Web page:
Division of Legislative Services > Legislative Record > 2005

House Transportation Committee's Special Subcommittee on Mopeds and Similar Vehicles

September 13, 2005

The special subcommittee held its first meeting on September 13, 2005, in Charlottesville. Staff explained that more precise definitional distinctions between motorcycles, mopeds, scooters, and other similar vehicles would be essential to any draft legislation that the subcommittee might consider recommending during the 2006 Session of the General Assembly. Copies of a first draft of amendments to § 46.2-100 aimed at achieving this result were provided to the members. The draft resulted from consultations with representatives of the DMV, the Department of Transportation, the Department of State Police, and the Virginia Chiefs of Police Association.


Virginia Motorcycle Dealers Association
Charlie Finley, Executive Director of the Virginia Motorcycle Dealers Association, explained that there was a great deal of confusion among the public as to which vehicles were not "street legal" in Virginia. He noted four recommendations contained in an earlier study of mopeds and similar vehicles conducted by the DMV: (i) educate the public about the law; (ii) replicate all applicable state statutes in local ordinances; (iii) make "warning stickers" on mopeds and similar vehicles larger, easier to read, and harder to remove; and (iv) provide a model for localities of a local moped ordinance. He urged that motorized vehicles allowed by law to operate over-the-road be subject to annual safety inspections similar to those performed on passenger cars and trucks. In general, Mr. Finley endorsed the approach regarding mopeds and similar vehicles by HB 2794 (2005, Ingram).

Local Law-Enforcement Perspective
As a group, representatives of local law- enforcement agencies recommended that state law create core requirements for operation of mopeds and scooters to which localities could add additional requirements by ordinance. Several speakers disliked that there was no statewide standard for minimum height nor wheel size requirement for vehicles intended for over-the-road operation. Others disliked the lack of serial numbers or brand names on recently available vehicles commonly known as "pocket rockets." Use of mopeds and scooters by persons whose driver's licenses have been revoked or suspended (oftentimes for drunk driving or as the result of an habitual offender adjudication) was also identified as a problem. One speaker, citing HB 2330 (2005, Rust), felt that persons under 16 convicted of traffic offenses committed while operating mopeds should be subject to additional penalties, such as delayed eligibility for learner's permits or driver's licenses.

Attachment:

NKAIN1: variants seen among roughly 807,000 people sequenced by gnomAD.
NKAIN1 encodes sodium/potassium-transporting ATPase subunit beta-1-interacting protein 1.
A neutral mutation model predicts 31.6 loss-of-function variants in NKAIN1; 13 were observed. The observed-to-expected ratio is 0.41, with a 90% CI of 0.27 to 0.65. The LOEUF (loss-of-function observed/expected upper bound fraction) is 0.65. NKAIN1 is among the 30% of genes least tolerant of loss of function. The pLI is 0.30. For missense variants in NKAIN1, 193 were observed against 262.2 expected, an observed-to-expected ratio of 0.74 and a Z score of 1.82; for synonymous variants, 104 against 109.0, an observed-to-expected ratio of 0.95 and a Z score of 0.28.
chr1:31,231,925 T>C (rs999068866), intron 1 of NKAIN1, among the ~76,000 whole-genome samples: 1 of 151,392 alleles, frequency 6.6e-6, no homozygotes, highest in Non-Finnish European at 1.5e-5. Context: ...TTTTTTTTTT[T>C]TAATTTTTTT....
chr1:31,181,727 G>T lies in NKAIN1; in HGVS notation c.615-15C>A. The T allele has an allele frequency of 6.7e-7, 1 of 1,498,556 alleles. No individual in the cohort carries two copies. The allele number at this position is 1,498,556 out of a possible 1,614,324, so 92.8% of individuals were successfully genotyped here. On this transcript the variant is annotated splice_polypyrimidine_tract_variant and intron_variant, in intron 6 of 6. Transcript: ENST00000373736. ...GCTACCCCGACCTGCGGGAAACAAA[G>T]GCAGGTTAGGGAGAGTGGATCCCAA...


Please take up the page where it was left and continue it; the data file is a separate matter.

Speakers favored the creation of a "bright line" distinction made between motorized toys and scooters-motorized toys would be regulated by local ordinance and scooters subject to some form of registration and safety inspection. One speaker suggested the banning of scooters with seats less than 20 inches high or wheels less than 20 inches in diameter. Another speaker favored that moped and scooter operators be required to carry "official" identification, be at least 16 years old, and require their vehicle to be equipped with lights and mufflers. Several speakers complained that after-market modifications of these vehicles dangerously increased operating speeds and noise. It was also suggested that operators of mopeds be required to undergo and pass a vision examination. One speaker complained that moped and scooter operators presented a danger to pedestrians and suggested that statewide minimum standards for operation of these vehicles were needed in the interest of safety.


Information regarding the November meeting of the subcommittee will be posted on the General Assembly website when available.

The Hon. Charles W. Carrico, Jr.

For information, contact:
Alan Wambold and Stephanie Bishop
DLS Staff


Division of Legislative Services > Legislative Record > 2005 

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